Nippon Telegraph & Telephone executives keep beating back the powerful political forces seeking to break up the company. Recently, the champion of keeping Japan's telecom giant intact, NTT President Masashi Kojima, withstood the opposition of government bureaucrats and won a guarantee to keep his job for at least another two years. Kojima's success is remarkable because the government owns 60% of NTT.

Kojima, 62, argues that only NTT can take on huge projects such as laying fiber-optic networks. And he has bolstered his position by partnerships with U.S. allies, including Microsoft. The critical factor in Kojima's latest victory: Japan's ruling coalition froze local phone rates to boost its popularity. The Ministry of Posts & Telecommunications had planned to offer NTT a rate hike if it dumped Kojima, but the freeze undercut the agency.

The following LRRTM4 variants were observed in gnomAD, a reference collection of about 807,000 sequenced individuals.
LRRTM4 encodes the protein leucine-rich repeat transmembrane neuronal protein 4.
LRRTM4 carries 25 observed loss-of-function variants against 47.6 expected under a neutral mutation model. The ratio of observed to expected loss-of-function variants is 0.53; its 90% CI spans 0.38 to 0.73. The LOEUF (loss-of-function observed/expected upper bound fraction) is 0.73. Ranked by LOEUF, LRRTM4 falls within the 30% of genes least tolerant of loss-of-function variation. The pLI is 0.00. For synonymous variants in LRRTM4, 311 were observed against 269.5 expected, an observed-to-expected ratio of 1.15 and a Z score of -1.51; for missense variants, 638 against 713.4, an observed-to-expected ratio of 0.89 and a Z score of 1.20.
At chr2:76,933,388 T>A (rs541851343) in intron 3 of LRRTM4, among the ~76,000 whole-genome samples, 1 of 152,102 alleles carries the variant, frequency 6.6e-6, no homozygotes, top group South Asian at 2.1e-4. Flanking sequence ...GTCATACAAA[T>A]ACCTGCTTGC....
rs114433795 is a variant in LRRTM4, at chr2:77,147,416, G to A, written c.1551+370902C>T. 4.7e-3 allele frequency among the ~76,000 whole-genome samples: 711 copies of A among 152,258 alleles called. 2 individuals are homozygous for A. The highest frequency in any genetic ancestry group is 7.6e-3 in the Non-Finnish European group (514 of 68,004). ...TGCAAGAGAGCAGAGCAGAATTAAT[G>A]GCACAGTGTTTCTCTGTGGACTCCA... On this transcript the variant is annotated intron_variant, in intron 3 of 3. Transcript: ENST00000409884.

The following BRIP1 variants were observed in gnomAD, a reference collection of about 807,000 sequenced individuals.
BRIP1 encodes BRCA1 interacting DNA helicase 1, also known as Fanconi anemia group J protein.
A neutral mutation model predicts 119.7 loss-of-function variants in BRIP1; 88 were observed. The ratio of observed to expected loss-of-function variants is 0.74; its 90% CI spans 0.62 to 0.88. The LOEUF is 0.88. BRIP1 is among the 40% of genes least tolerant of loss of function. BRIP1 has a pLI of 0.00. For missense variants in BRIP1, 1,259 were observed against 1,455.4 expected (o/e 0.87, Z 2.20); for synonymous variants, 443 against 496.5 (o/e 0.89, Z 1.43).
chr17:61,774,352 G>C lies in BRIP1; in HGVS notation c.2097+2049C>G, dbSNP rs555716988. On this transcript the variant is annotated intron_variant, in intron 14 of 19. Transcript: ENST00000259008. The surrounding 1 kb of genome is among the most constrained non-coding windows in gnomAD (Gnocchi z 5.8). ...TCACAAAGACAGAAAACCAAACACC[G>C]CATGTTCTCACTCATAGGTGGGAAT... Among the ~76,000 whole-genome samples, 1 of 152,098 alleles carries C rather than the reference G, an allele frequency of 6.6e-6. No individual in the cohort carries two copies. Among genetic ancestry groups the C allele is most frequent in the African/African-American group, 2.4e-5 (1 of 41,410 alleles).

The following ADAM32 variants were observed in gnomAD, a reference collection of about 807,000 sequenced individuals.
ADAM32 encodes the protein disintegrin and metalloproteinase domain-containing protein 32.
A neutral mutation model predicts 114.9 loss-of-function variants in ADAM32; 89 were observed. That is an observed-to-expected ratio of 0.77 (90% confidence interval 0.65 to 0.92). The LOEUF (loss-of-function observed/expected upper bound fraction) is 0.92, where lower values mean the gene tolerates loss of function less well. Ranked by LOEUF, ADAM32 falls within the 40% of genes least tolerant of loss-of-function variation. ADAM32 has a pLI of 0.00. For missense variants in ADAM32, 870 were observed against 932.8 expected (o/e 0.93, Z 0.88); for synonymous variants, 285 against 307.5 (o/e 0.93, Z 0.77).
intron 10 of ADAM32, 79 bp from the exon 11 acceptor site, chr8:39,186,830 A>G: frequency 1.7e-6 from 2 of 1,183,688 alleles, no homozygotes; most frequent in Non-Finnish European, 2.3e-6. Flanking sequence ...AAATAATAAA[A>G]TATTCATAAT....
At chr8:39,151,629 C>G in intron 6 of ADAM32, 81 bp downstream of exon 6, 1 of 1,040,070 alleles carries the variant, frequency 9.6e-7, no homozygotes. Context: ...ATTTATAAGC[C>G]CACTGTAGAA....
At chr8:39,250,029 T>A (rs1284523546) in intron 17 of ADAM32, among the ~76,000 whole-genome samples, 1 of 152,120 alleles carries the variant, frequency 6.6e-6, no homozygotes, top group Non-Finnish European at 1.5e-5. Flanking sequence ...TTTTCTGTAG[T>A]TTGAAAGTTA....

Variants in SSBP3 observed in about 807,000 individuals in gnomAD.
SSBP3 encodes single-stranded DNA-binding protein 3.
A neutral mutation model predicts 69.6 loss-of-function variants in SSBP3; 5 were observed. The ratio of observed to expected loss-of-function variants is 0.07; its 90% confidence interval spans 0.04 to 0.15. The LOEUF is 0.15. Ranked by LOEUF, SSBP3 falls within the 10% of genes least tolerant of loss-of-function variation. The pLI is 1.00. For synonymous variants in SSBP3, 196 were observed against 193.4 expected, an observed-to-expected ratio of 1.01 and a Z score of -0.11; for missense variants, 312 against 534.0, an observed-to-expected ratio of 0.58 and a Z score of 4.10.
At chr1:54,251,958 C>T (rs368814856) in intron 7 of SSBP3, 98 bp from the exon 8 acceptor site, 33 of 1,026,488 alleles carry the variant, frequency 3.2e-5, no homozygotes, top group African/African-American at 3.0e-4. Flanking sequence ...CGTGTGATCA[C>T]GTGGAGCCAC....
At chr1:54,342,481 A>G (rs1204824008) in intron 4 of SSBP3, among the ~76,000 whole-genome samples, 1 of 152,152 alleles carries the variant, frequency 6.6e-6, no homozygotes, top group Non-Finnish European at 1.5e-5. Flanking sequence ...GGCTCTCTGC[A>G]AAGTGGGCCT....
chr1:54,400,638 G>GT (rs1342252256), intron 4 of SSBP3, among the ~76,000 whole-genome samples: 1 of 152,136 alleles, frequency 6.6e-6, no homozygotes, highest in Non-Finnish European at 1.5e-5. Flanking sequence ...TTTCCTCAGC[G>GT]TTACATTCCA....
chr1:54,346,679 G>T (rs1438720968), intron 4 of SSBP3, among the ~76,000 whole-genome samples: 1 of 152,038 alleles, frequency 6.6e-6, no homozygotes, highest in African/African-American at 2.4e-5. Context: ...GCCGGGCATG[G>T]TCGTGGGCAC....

Having won the battle, Kojima may lose the war. The bureaucrats will keep trying to break NTT into smaller units, feeling that the giant moves too slowly. A government review panel is to meet next year on that. Meanwhile, the rate freeze will stunt NTT's earnings.

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